climate

ShowYourStripes.Info

The stripes kind of look like those old packs of Fruit Stripe bubble gum. Each stripe represents a year. The colors, shaded from cool navy to scarlet, indicate annual average temperatures.

Together, the stripes reveal patterns of warming trends across the globe over the last 100-plus years.

Climate Scientist Ed Hawkins created the graphics to start conversations about the warming world and the risks climate change poses in different regions.

Kentucky Unlikely To Meet New Climate Change Goal

Oct 10, 2018
Kyeland Jackson

Kentucky has just 12 years to drastically reduce its reliance on fossil fuels to do its part to save the planet from the worst impacts of climate change, according to a new report from the United Nations’ scientific panel on climate change.

Monday’s report from the Intergovernmental Panel on Climate Change says humankind is already living in a warming world and the planet is on track to be 2.7 degrees Fahrenheit warmer than pre-industrial levels around 2040, according to the report.

Rising global temperatures contribute to Kentucky’s weather variability increasing the risk of droughts, heat waves, extreme storms and heavy rainfall.

Associated Press

Thursday is the first official day of summer in theory, but in practice Kentuckians have already been feeling the heat.

Warmer days and longer summers are a symptom of rising temperatures across the planet and Kentucky too, is hotter than it used to be.

Kentucky’s average temperature increased 1.41 degrees over the last 30 years, according to the latest climate data analyzed by the Associated Press.

Kentucky Mesonet

The Kentucky Mesonet is adding its 70th station created through a partnership with the Pulaski County community. The new weather station will be located at Northern Elementary School in Somerset. Installation of that station is expected to begin later this spring. 

Stuart Foster is the state climatologist and director of Kentucky Mesonet and the Kentucky Climate Center. He said locating a weather station at a school offers educational opportunities.

Kentucky Mesonet

Kentucky Governor Matt Bevin presented his State of the Commonwealth on Tuesday. He suggested 70 programs that could be eliminated from the state budget.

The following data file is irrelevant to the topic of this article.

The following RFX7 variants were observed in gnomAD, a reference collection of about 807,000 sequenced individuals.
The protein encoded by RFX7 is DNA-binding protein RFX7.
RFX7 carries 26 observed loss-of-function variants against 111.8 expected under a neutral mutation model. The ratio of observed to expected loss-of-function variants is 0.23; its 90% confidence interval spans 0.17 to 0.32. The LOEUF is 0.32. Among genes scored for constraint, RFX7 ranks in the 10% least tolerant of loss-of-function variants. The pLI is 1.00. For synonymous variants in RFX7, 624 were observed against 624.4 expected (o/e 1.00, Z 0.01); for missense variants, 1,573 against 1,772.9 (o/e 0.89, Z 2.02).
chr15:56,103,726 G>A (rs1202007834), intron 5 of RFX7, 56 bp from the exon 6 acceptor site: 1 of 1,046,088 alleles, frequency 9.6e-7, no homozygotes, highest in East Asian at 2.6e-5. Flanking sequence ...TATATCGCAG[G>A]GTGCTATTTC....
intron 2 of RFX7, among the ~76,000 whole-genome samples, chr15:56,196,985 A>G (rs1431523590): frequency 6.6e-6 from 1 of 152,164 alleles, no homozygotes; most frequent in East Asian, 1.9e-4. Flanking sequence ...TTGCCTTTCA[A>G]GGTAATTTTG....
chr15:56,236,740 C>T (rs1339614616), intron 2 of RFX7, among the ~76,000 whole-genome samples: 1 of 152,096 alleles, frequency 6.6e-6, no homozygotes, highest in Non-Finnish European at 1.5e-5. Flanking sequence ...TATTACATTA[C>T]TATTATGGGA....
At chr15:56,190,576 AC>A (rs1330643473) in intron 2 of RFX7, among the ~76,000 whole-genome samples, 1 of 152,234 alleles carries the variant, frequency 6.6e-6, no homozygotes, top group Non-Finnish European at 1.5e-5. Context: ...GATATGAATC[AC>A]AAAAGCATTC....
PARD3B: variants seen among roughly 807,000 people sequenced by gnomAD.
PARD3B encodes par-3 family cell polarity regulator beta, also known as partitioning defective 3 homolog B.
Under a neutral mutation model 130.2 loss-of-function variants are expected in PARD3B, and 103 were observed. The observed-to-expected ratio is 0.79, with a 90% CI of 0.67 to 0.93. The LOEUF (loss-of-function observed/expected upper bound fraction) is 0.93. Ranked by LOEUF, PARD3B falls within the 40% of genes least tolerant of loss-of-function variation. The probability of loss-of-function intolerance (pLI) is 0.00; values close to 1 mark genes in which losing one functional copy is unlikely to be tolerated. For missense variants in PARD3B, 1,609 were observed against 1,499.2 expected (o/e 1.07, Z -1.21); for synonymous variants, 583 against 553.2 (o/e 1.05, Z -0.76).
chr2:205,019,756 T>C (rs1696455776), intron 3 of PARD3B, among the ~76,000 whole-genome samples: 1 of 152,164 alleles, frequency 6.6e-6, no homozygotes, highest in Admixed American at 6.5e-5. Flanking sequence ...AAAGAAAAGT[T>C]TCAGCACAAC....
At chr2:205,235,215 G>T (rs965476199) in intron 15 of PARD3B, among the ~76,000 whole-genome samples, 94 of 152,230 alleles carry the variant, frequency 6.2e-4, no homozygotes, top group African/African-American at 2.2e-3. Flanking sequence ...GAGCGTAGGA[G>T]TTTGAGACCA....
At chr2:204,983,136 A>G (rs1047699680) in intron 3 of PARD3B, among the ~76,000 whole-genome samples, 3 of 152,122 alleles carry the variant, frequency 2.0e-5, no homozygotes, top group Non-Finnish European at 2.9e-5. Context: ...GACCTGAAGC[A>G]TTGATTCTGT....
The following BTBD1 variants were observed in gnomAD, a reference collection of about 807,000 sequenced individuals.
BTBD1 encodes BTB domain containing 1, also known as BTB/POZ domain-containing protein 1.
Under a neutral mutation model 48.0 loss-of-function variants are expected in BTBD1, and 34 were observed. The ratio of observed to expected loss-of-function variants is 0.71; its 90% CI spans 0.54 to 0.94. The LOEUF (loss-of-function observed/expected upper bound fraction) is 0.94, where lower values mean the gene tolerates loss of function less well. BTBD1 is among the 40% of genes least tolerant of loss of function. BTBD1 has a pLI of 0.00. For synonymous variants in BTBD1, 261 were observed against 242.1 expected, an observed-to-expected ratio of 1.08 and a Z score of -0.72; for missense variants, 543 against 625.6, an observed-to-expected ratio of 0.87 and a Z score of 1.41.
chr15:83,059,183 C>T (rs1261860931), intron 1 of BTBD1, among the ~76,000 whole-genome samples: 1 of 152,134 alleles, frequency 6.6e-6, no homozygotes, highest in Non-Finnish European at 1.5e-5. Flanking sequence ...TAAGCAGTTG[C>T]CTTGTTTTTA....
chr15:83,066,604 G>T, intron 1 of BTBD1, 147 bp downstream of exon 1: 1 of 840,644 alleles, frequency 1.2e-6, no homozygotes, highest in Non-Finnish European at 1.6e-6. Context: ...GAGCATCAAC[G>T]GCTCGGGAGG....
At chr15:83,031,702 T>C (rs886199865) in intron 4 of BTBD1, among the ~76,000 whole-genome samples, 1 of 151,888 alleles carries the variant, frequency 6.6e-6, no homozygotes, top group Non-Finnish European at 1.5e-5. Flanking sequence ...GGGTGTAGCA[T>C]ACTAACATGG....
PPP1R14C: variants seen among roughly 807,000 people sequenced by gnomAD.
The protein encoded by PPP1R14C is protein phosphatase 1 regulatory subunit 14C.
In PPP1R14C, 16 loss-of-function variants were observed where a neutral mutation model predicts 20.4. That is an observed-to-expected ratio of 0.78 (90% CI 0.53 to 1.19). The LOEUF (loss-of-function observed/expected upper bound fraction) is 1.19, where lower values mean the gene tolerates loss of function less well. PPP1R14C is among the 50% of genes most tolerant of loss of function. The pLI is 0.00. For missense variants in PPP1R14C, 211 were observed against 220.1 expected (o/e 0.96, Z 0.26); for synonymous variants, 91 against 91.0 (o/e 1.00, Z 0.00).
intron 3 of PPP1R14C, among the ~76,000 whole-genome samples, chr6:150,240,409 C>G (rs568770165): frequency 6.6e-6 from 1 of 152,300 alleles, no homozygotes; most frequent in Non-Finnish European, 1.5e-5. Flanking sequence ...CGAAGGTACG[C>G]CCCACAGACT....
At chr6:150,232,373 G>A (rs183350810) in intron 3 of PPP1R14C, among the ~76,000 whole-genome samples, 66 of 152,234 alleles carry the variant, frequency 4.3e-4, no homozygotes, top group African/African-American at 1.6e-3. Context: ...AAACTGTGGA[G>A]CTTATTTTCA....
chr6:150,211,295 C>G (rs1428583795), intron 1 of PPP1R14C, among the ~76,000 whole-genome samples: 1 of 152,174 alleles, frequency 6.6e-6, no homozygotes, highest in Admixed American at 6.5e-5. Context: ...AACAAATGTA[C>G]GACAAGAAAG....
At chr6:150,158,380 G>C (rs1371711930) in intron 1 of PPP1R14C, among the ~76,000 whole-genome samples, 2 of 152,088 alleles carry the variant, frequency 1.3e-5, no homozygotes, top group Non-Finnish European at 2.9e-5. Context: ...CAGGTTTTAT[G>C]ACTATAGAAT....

One of those is the Kentucky Mesonet based at Western Kentucky University.  Rhonda Miller spoke with state climatologist and director of the Kentucky Mesonet Stuart Foster about the implications of the governor’s recommended budget cuts on farmers, businesses and individuals across the state.


Creative Commons

It’s going to be a hot next few weeks in Louisville, with temperatures projected to reach the upper 80s or 90s almost every day.

Flavio Lehner says to get used to it.

Lehner, a post-doctoral researcher at the National Center for Atmospheric Research, is the author of a study on summer temperature projections. Using climate forecasting data, he and his colleagues found that if carbon dioxide emissions continue on their current pace, it’ll translate to hotter summers for most of the globe.

“Towards the end of this century, under a scenario where we continue emitting greenhouse gas unabated, you will see a very large chance that basically every summer in most parts of the world will be as hot or hotter than the hottest we’ve seen up to date,” Lehner said.

"The effects of climate change are already occurring on all continents and across the oceans," and the world is mostly "ill-prepared" for the risks that the sweeping changes present, a new report from the U.N.'s Intergovernmental Panel on Climate Change concludes.

Kentucky state climatologist Stuart Foster who directs the Kentucky Climate Center and the Kentucky Mesonet at WKU has been named the new president of the American Association of State Climatologists.